Amanda Knox, the American student charged with the murder and sexual assault of Meredith Kercher, faces an additional charge of slander for claiming that police struck her while she was being questioned.
At the latest hearings in her trial in Perugia, Knox claimed that police had put her under psychological and physical pressure to admit that she was present at the murder.
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Knox, who has the right to address the court at any time during her trial, was reacting to evidence from Anna Donnino, a police interpreter who claimed that Knox had behaved "as if a weight had been lifted from her" when she admitted that she had been at the scene of the crime and accused Patrick Diya Lumumba, a Congolese bar owner for whom she worked part-time, of the killing.
Knox told police that she had covered her ears in the kitchen to block out Ms Kercher's screams.
Donnino said that when questioned after Kercher's body was found, Knox walked up and down nervously at the police station, "hitting her head with her hands."
She had denied responding to an SMS message from Lumumba telling her there was no need to come to work because there were few customers, leaving her free for the evening. But she broke down when police said phone records showed that she had done so, Donnino said.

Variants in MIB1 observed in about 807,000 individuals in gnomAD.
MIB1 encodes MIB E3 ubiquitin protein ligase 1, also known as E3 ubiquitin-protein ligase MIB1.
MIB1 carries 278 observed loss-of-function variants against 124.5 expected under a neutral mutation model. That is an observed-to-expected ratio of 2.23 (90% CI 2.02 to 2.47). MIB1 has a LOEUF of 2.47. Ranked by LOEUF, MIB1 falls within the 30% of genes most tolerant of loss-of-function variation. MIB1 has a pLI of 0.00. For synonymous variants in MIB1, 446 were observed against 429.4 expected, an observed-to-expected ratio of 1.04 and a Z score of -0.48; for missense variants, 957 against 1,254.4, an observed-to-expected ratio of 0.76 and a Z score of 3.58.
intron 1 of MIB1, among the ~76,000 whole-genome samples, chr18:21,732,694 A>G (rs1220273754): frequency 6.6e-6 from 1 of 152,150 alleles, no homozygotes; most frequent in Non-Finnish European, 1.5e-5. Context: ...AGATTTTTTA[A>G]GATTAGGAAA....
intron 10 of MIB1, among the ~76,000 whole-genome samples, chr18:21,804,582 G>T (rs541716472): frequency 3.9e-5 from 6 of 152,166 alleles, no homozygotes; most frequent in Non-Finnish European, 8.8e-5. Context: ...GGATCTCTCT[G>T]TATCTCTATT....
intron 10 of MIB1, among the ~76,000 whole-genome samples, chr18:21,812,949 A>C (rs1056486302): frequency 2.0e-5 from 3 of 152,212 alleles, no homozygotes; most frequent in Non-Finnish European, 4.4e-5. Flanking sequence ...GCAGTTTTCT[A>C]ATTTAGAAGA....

She showed extreme emotional involvement – she was crying and visibly shocked, saying 'It was him, it was him. He's bad'," Donnino added.
Knox, speaking in fluent Italian, said police had called her a "stupid liar" during "hours and hours" of questioning during which she had stuck to her story that she spent the night of the murder at the flat of Raffaele Sollecito, her former boyfriend and co-accused.
She said that Donnino had suggested to her "that probably I didn't remember well because I was traumatised, so I should try to remember something else." There had been an "aggressive insistence" on the text message she had received from Lumumba, Knox said. She insisted she had been slapped on the head by police, adding "I'm sorry, but it's true."
Donnino said that Knox had been "comforted" by police, given food and drink, and had at no stage been hit or threatened.
The newspaper Corriere dell' Umbria said that Giuliano Mignini, the prosecutor, would bring an additional charge of slander against Knox, since all police officers and interpreters who have given evidence at the trial have testified under oath that she was at no stage put under pressure or physically mistreated.
Kercher's semi-naked body was found under a duvet on the floor of her bedroom in November 2007, at the hillside cottage in Perugia she shared with Knox and two Italian women. She had been stabbed in the throat.